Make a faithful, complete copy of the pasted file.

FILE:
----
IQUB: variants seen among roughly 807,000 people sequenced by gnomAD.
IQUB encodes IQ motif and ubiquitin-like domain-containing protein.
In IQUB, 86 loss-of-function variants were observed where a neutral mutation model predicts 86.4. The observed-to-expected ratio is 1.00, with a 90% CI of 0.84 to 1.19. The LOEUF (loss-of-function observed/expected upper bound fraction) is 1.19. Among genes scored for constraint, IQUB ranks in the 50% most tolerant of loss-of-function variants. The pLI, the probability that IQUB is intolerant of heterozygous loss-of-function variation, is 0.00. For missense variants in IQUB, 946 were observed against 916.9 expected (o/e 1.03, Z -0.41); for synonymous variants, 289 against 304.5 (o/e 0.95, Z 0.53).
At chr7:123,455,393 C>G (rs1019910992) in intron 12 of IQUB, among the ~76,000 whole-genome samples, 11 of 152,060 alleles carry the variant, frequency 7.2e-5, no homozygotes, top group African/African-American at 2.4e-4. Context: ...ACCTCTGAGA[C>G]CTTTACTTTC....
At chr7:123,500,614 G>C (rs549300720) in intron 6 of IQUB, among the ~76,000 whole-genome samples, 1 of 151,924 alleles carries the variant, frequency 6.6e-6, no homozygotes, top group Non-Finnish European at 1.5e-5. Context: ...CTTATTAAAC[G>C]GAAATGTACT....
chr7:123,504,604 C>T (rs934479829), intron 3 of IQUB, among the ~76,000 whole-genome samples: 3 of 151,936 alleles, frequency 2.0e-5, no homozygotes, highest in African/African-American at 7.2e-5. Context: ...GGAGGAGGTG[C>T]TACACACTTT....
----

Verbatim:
IQUB: variants seen among roughly 807,000 people sequenced by gnomAD.
IQUB encodes IQ motif and ubiquitin-like domain-containing protein.
In IQUB, 86 loss-of-function variants were observed where a neutral mutation model predicts 86.4. The observed-to-expected ratio is 1.00, with a 90% CI of 0.84 to 1.19. The LOEUF (loss-of-function observed/expected upper bound fraction) is 1.19. Among genes scored for constraint, IQUB ranks in the 50% most tolerant of loss-of-function variants. The pLI, the probability that IQUB is intolerant of heterozygous loss-of-function variation, is 0.00. For missense variants in IQUB, 946 were observed against 916.9 expected (o/e 1.03, Z -0.41); for synonymous variants, 289 against 304.5 (o/e 0.95, Z 0.53).
At chr7:123,455,393 C>G (rs1019910992) in intron 12 of IQUB, among the ~76,000 whole-genome samples, 11 of 152,060 alleles carry the variant, frequency 7.2e-5, no homozygotes, top group African/African-American at 2.4e-4. Context: ...ACCTCTGAGA[C>G]CTTTACTTTC....
At chr7:123,500,614 G>C (rs549300720) in intron 6 of IQUB, among the ~76,000 whole-genome samples, 1 of 151,924 alleles carries the variant, frequency 6.6e-6, no homozygotes, top group Non-Finnish European at 1.5e-5. Context: ...CTTATTAAAC[G>C]GAAATGTACT....
chr7:123,504,604 C>T (rs934479829), intron 3 of IQUB, among the ~76,000 whole-genome samples: 3 of 151,936 alleles, frequency 2.0e-5, no homozygotes, highest in African/African-American at 7.2e-5. Context: ...GGAGGAGGTG[C>T]TACACACTTT....